Lyles succeeds despite smaller role on team


Forward Trey Lyles of the Kentucky Wildcats drives in the lane during the game against the Florida Gators at Rupp Arena on Saturday, March 7, 2015 in Lexington, Ky. Kentucky leads Florida 30-27 at the half. Photo by Michael Reaves

By Joshua Huff

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Trey Lyles’ UK career, should he enter the NBA draft this spring, will be broken down into two segments: pre-illness and post-illness.

Before he missed a little less than a month because of said unknown illness, Lyles had started just seven of 20 games. He averaged just 7.5 points, 5.3 rebounds and 1.4 assists per game. Since the injury, Lyles has averaged 8.3 points per game and five rebounds, not eye-popping numbers by any means, but his ability to make an impact around the basket on both sides of the ball has UK head coach John Calipari calling him the ‘X-factor.’

After UK dispatched Arkansas, Calipari heaped praise upon his forward.

“I’ll tell you, honestly, he’s terrific,” he said of the Indianapolis product. “He’s been trained as a three, but you see when he’s at four, you see him around the basket, but he can make 15-footers. He’s 6-foot-10, he’s big. When he was out, we didn’t have that one more rebounder that we needed.”

Lost amid the glitz and glamour of National Player of The Year candidate Willie Cauley-Stein, or the three-point reloading action of sharpshooting Devin Booker, Lyles is the everyman. With a team full of talent and height, Lyles has become Mr. Reliable. A player Calipari can count on to lock down on defense and bottle up the boards.

“If I go out there and do what he’s asking me to do, I’m just going to help the team out overall and just push us to be able to win more games,” Lyles said.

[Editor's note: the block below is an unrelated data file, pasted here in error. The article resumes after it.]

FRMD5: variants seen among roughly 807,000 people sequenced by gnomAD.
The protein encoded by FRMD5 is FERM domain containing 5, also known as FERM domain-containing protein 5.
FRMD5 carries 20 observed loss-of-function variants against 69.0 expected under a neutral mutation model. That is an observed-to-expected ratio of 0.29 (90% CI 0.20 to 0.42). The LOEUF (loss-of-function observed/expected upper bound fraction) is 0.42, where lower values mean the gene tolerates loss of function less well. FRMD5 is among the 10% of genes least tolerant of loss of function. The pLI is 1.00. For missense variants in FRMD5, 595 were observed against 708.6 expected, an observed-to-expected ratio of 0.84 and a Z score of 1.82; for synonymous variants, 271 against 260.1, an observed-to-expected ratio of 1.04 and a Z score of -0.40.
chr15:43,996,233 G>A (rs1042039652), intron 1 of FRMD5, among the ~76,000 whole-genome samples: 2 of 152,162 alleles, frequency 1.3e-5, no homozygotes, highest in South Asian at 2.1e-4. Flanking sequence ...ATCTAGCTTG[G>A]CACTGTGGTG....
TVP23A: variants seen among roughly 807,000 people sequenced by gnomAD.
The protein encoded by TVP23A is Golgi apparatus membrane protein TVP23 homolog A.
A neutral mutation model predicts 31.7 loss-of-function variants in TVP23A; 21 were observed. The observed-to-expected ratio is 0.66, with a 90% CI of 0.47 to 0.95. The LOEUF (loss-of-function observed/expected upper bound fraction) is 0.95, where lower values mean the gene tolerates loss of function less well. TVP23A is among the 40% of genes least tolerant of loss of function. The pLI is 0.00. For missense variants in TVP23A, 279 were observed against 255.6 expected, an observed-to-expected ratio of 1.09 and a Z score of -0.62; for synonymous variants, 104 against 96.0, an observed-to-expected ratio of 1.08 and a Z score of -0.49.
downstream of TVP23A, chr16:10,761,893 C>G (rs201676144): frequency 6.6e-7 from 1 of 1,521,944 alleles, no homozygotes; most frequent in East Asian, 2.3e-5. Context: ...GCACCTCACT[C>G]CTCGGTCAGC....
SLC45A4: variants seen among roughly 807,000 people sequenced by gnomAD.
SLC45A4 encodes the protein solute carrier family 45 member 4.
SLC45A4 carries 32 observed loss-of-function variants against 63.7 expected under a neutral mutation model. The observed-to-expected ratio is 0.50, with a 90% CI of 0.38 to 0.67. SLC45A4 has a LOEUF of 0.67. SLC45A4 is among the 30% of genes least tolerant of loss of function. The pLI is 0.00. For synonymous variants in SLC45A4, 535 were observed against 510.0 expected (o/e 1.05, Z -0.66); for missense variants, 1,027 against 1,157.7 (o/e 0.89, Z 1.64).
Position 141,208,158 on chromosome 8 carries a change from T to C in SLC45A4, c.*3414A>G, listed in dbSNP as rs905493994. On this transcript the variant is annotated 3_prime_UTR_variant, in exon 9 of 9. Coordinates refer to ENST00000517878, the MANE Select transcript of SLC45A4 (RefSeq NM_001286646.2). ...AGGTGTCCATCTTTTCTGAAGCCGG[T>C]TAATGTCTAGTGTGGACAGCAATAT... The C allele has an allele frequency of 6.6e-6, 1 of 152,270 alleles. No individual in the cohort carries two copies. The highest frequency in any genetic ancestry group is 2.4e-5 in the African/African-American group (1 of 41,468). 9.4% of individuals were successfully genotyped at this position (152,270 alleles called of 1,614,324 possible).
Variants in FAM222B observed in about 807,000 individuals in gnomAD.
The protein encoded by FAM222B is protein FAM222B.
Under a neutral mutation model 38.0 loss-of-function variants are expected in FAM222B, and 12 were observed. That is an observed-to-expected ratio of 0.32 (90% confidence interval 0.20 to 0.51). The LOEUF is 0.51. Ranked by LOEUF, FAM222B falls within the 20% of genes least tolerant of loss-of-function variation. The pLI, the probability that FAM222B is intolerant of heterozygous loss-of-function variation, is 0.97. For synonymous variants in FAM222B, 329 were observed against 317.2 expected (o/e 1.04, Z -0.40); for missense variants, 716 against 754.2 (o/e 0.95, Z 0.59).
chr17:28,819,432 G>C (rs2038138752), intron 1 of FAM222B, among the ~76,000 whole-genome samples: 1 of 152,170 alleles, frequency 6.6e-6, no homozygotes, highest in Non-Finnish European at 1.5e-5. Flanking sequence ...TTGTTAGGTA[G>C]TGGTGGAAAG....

That team mentality defines the success of this squad. Blessed with nine McDonald’s All-Americans, Calipari has had the difficult task of managing the minutes of a roster loaded with potentially nine first round NBA draft picks. But he has adapted and been helped with players like Lyles with a team-first mentality despite being Indiana’s Mr. Basketball and Gatorade High School Player of the Year.

“We all just have to go out there and play together,” Lyles said. “And … if we’re all playing well with one another, there’s no reason why we shouldn’t be winning.”

After averaging 23.7 points, 12.9 rebounds during his senior year in high school, he helped his school win the state title that season, a person would be prone to think that transitioning to a role player instead of a star would be difficult, but that transition is made easier with all the talent surrounding him.

“I still have to approach the game the same way,” Lyles said. “(I) just try to come out with energy whether I’m coming off the bench or I’m starting, really just doing whatever the team needs from me in that particular game. It really doesn’t matter if you start or you come off the bench, as long as you come out with energy.”